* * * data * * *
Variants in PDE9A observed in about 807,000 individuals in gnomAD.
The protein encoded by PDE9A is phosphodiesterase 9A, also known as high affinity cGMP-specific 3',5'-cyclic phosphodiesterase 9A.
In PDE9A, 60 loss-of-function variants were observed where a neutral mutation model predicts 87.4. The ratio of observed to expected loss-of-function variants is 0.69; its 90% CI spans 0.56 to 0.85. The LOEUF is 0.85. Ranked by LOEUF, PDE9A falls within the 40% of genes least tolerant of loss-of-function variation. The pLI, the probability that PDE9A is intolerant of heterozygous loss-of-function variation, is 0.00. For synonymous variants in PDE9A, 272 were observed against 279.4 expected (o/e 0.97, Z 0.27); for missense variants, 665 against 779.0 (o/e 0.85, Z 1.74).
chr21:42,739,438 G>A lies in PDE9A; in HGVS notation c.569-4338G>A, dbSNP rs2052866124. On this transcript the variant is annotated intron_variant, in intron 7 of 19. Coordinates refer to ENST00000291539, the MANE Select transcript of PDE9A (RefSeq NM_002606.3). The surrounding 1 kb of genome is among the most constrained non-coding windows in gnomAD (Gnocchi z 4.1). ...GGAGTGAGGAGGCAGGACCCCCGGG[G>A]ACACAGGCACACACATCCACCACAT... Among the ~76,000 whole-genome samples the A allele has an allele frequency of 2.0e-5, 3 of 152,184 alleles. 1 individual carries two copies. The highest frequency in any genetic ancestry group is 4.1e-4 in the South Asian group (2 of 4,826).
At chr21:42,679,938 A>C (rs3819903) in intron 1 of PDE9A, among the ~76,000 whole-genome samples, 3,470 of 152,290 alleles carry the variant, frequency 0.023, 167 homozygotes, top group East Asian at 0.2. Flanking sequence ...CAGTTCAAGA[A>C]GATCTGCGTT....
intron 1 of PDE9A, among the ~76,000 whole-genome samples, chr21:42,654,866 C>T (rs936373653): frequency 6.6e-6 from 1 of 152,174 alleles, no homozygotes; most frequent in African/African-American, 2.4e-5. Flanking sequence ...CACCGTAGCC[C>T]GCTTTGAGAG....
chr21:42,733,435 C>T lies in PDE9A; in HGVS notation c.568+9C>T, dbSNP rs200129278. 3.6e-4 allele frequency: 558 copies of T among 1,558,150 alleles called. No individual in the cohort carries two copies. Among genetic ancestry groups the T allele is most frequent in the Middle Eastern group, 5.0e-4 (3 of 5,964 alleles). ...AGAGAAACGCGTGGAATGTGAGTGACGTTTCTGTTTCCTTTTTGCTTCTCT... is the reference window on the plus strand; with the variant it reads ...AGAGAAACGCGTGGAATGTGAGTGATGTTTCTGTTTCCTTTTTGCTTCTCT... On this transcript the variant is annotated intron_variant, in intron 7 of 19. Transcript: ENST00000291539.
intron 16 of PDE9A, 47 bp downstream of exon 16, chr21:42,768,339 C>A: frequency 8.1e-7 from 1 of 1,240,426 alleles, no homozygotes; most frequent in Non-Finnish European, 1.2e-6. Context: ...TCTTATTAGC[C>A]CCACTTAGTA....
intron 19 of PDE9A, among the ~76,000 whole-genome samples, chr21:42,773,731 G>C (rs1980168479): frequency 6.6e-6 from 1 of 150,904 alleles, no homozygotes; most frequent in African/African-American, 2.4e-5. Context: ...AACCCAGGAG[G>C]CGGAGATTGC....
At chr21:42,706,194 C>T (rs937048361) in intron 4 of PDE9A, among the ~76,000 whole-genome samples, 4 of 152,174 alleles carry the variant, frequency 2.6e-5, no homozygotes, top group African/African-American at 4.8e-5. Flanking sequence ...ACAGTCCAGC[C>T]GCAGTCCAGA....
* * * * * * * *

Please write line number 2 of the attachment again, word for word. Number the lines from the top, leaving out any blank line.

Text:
The protein encoded by PDE9A is phosphodiesterase 9A, also known as high affinity cGMP-specific 3',5'-cyclic phosphodiesterase 9A.